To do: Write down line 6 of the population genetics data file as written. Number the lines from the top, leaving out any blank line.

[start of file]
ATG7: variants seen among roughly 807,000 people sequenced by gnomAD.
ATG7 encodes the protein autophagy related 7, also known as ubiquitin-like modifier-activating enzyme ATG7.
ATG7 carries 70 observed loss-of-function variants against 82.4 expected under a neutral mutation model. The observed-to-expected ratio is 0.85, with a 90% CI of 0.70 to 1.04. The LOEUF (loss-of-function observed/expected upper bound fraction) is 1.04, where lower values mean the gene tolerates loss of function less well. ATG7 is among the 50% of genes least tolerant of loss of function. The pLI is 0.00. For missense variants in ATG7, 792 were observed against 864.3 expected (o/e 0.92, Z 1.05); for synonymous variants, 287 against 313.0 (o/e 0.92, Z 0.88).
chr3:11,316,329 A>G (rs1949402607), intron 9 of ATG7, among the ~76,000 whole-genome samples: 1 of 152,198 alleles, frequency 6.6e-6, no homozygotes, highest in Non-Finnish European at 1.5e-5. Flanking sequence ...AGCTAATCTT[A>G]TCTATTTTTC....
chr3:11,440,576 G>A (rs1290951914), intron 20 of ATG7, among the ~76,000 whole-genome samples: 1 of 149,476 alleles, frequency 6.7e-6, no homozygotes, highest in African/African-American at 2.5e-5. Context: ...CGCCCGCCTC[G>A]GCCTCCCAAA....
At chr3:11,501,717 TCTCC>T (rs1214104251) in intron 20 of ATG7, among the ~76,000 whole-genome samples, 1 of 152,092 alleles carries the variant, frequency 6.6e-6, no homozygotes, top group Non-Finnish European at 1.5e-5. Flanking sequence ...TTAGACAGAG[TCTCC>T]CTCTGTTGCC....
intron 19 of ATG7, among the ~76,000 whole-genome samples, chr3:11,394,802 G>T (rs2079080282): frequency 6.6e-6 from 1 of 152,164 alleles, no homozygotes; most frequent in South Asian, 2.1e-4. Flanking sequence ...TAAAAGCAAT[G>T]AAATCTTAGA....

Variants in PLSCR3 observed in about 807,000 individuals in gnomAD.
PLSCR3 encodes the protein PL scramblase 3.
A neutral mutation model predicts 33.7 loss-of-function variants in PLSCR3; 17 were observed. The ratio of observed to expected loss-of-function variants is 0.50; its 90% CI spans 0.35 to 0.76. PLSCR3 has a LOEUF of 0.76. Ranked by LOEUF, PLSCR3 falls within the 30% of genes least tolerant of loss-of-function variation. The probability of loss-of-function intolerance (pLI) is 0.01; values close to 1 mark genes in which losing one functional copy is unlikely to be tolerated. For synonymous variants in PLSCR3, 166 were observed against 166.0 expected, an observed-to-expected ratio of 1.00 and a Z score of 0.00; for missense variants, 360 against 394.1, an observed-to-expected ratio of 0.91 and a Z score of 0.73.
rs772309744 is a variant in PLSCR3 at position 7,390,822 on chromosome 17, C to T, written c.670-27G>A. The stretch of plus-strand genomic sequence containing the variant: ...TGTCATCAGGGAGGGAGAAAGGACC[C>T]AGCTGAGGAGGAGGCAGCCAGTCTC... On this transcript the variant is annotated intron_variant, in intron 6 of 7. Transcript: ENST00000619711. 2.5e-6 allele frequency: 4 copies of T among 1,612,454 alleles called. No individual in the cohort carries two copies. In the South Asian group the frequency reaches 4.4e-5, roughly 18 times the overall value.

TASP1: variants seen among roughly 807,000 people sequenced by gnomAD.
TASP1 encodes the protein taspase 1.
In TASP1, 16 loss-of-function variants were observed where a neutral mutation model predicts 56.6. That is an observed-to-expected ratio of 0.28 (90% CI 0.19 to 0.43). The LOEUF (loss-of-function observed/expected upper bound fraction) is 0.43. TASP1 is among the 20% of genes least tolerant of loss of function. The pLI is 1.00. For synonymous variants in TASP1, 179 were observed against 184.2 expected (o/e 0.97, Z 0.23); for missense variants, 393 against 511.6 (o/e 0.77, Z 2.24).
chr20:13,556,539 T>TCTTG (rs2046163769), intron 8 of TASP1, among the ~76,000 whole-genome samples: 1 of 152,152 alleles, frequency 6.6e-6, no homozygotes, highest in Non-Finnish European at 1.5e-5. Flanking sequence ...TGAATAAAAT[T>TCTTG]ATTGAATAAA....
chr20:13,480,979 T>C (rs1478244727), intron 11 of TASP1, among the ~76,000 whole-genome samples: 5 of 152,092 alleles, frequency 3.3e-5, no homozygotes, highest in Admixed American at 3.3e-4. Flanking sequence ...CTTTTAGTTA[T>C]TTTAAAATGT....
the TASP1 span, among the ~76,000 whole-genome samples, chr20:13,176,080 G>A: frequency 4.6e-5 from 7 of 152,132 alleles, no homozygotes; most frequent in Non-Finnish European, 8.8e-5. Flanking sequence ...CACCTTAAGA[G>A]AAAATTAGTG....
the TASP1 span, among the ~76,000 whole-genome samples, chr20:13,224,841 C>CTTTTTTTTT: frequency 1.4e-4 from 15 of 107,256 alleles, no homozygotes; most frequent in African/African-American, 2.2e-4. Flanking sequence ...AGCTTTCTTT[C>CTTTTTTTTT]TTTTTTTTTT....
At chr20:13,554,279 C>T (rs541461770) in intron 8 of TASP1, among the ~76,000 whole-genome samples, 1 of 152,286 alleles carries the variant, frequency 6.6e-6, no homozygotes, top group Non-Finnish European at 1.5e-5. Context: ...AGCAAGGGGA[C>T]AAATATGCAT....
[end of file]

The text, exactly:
At chr3:11,501,717 TCTCC>T (rs1214104251) in intron 20 of ATG7, among the ~76,000 whole-genome samples, 1 of 152,092 alleles carries the variant, frequency 6.6e-6, no homozygotes, top group Non-Finnish European at 1.5e-5. Flanking sequence ...TTAGACAGAG[TCTCC>T]CTCTGTTGCC....